What does 2021 hold for supply chains?
23 December 2020
2020 has been an extremely turbulent year, with the public, businesses and the supply chains that serve them feeling the effects. But how will the fallout affect the supply chain in the months to come, asks John Perry?
We must primarily consider the economic fallout from 2020. A growing proportion of the population is now in financial difficulty, putting pressure on price points – particularly pertinent given the recent news that a No Deal Brexit is likely to cause price increases for supermarkets and the customers they serve. The adaptations that businesses will need to make for Brexit will of course depend greatly on whether we leave with a deal, making the need for clarity in this area all the more urgent.
This economic shift, alongside the ongoing move to online and home delivery, will worsen retailers’ margin challenges, while they contend with the increased need to compete on price to retain sales. This cost squeeze is in turn likely to trickle through to suppliers, meaning that we may see businesses look to minimise costs across their supply chain and logistics operations.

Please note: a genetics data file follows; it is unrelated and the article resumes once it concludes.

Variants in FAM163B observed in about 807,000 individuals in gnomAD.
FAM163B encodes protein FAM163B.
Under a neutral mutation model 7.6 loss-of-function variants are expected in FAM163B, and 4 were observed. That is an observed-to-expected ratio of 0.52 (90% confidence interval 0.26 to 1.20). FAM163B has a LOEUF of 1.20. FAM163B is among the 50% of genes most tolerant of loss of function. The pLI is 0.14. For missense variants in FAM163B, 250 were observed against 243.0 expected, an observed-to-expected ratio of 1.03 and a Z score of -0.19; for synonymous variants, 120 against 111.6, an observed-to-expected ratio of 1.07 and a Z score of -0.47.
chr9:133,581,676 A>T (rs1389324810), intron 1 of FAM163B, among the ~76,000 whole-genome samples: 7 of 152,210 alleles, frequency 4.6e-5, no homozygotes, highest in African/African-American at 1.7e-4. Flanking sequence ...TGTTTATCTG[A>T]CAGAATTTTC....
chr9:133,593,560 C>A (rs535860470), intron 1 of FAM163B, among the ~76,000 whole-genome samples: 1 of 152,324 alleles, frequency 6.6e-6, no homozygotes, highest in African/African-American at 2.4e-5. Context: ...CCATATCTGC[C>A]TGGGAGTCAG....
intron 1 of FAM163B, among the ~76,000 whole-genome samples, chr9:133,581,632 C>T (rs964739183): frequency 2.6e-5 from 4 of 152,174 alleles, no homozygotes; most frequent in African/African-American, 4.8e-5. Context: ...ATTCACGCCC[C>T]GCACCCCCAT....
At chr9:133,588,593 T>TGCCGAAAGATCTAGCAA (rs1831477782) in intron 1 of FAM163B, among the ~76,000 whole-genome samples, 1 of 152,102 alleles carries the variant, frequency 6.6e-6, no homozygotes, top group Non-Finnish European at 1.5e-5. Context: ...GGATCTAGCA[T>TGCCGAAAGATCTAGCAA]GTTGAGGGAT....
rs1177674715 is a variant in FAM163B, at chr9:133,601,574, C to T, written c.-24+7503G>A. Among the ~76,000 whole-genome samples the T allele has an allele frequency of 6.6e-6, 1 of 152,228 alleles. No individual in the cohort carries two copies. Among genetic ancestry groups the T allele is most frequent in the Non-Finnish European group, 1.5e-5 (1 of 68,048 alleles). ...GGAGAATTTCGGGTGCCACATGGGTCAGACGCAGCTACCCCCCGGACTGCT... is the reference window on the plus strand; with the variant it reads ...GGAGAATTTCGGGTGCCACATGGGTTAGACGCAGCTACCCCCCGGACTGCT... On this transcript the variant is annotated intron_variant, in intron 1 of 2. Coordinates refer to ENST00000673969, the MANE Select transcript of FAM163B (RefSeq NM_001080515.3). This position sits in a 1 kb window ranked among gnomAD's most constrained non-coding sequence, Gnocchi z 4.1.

The volatility of this year also means that certain companies may look to sell, meaning that mergers & acquisitions activity is likely to increase – possibly leading to ‘bargains’ for those in a position to buy.
A recurrent theme of 2020 was rapidly-shrinking warehouse space, due to factors such as the rising popularity of online shopping, changing consumer demands, and businesses stockpiling in an attempt to insulate themselves from wider market turmoil. Illustrating this, deals were agreed for 22.1 million square feet of warehouse space in the first nine months of the year according to JLL – up 36% year-on-year.
Environmental concerns will once again be high on the agenda – particularly considering the UK is set to host the COP26 summit later in the year. Increased home deliveries in lockdown and fluctuating traffic levels have thrown a spotlight on businesses’ carbon emissions, meaning that finding ways to sustainably cut emissions, without compromising in areas such as service quality, will rightly be a key priority for many.
However the coming year should turn out, it is clear that supply chain risk and resilience strategies will be key. If this year has shown us anything, it is that business operations can be turned upside down virtually overnight, and failing to plan truly is planning to fail.
Subsequently, we would predict that businesses will put a great deal more focus on their supply chain risk and resilience over the next year. For any businesses that have not begun this process yet, we would urge them to seriously consider it.
John Perry, managing director of SCALA